Vol. LXIV, No. 16
Wednesday, April 21, 2010
The Princeton Merchants Association (PMA) meeting prompted a dialogue regarding partnerships and future collaborations between local business owners and Borough and Township Zoning specialists, as well as Princeton University officials.
Zoning in New Jersey goes back to 1918, and we havent stopped making laws since, joked Borough Zoning Officer Derek Bridger, who explained that zoning laws control the use of properties, and the nature of buildings that can be developed on particular land within town. Parking requirements and signage are also governed by zoning ordinances.
My goal is to create a level playing field, so that everyone has the same opportunities by which to attract business, he added.
Expansions or curtailments of the zoning code occur by ordinance change, which first comes before Borough Council or Township Committee, before going to the Regional Planning Board, and then back to the municipal body for final approval.
The genesis of an ordinance can come from the community, noted Mr. Bridger, who went on to point out that usually when individuals or businesses want to develop or use a space in a way that conflicts with the zoning code, they apply to the Zoning Board for a variance, which is either publicly granted or rejected depending on the nature of the request. Minor changes may be approved via a waiver, but all queries must go through the Zoning Department of the municipality in which the property is located.
The language of the [Princeton Community] Master Plan filters down to the laws of zoning, Mr. Bridger said.
Township Zoning Officer Peter Kneski explained that while the municipality is 80 percent residential, the same general rules and processes apply to the Township.
Mr. Bridger said that restrictions on first-floor use in the business district have been around since the late 80s or early 90s when Borough Council decided that office and financial institutions could not occupy space on the street level. Its a balancing act; it does become an issue when times are tough, he acknowledged in response to merchant questions about the use of vacant storefronts.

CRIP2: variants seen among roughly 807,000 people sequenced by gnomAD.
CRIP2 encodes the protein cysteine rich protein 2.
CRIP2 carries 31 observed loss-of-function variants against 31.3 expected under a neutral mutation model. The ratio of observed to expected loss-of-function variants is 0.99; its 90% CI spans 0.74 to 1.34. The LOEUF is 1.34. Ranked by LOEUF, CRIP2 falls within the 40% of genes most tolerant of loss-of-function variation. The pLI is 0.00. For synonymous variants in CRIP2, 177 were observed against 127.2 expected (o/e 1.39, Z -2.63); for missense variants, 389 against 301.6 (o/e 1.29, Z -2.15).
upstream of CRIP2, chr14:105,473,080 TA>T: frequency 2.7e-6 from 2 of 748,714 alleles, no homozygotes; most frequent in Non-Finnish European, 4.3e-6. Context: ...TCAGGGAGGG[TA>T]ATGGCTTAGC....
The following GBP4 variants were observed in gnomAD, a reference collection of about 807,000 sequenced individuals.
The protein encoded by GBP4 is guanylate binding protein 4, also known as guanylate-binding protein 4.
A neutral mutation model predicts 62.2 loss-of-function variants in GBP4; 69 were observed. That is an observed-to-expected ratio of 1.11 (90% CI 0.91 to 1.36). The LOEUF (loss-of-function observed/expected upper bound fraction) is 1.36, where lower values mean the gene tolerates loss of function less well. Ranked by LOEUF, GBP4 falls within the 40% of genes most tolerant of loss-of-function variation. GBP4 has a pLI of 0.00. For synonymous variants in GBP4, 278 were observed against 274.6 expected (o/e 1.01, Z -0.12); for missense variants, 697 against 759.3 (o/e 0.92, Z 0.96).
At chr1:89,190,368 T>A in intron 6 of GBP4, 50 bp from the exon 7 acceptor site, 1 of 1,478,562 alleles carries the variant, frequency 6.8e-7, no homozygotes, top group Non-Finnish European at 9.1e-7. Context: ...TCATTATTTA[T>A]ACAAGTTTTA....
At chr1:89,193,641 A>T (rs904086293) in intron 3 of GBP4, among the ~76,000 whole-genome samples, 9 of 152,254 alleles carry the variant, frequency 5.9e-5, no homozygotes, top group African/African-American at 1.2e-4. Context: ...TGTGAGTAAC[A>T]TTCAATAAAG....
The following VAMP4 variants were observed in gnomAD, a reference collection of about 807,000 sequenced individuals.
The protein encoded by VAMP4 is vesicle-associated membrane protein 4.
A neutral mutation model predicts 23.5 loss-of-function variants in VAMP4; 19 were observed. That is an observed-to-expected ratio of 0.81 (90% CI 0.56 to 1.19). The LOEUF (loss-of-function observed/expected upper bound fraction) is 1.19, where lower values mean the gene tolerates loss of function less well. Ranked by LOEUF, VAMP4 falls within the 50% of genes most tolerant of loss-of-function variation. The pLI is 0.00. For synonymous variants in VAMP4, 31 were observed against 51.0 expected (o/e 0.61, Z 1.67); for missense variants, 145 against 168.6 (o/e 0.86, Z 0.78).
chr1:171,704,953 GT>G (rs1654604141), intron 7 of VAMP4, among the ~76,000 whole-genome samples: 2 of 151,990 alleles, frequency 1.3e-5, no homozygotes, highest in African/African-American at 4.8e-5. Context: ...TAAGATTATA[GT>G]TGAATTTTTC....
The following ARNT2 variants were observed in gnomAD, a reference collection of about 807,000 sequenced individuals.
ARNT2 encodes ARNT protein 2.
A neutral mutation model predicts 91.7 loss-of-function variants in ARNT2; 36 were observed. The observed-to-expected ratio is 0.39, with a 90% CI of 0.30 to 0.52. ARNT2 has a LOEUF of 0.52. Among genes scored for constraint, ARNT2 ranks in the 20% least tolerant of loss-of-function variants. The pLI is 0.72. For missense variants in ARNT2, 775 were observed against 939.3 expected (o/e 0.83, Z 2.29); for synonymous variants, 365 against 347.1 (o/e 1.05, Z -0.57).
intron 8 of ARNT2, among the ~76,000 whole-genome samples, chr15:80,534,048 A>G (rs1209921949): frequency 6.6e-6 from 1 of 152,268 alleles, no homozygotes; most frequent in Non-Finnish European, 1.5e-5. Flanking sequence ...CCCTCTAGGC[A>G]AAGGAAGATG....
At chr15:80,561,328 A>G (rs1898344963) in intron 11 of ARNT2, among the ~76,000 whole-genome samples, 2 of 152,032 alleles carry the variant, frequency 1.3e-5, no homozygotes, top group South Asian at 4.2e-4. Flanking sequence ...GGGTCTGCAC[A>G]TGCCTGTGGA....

Currently, Mr. Bridger reported, the highest volume of inquiries he receives are for takeout restaurants, the implication being that the market would determine what the service and retail-scape in town might look like, on the way to achieving a balance.
PMA business owners and partnering institutional members also announced participatory events occurring over the next month.
Restauranteur and developer Jack Morrison noted that the Parkinsons Alliance had inspired an event on Thursday, April 29, during which a portion of the proceeds from local restaurants would be donated to the group, with a matching gift by the Tuchman Foundation. Participating restaurants include Blue Point Grill, elements, Gennaros, Mediterra, Teresa Caffe, Witherspoon Grill, and Yankee Doodle Tap Room. Eno Terra will donate a percent of its Wednesday, April 28 sales.
Friday, April 30, will see a discussion within the community about race and racism. Organized by the YWCA Princeton and Not in Our Town. Kathie Morolda of Cranbury Station Galleries noted that at 9:30 a.m., participants could gather in Palmer Square to join hands, forming a human chain of unity.
Kristin Appelget, director of Community and Regional Affairs at Princeton University, elaborated on the events that would produce an influx of visitors into town, thereby spurring business activity. On Tuesdays from 11 a.m. to 3 p.m. until May 18, the university will be hosting a Farmers Market at the plaza outside Firestone Library. The market would reopen in a new location on Thursdays beginning June 17, Mr. Morrison said.
The NCAA Mens Lacrosse quarter finals are anticipated to draw a crowd of about 7,000 to 10,000 to the area, which will occur on May 22. Reunions weekend begins Thursday, May 27, and draws between 20,000 and 30,000 alumni to town, Ms. Appelget said.
Also mentioned was the Princeton Festival, which brings together local and national musical talent in a series of performing arts events. It runs from June 5 to 27. For more information visit princetonfestival.org.
Permanent signage to efficiently direct people and vehicles to their destinations are the subject of an effort to obtain approvals from the Borough and the Township. A story about the Tiger Transit system at Princeton University can be found in the Topics of the Town section of this weeks newspaper.
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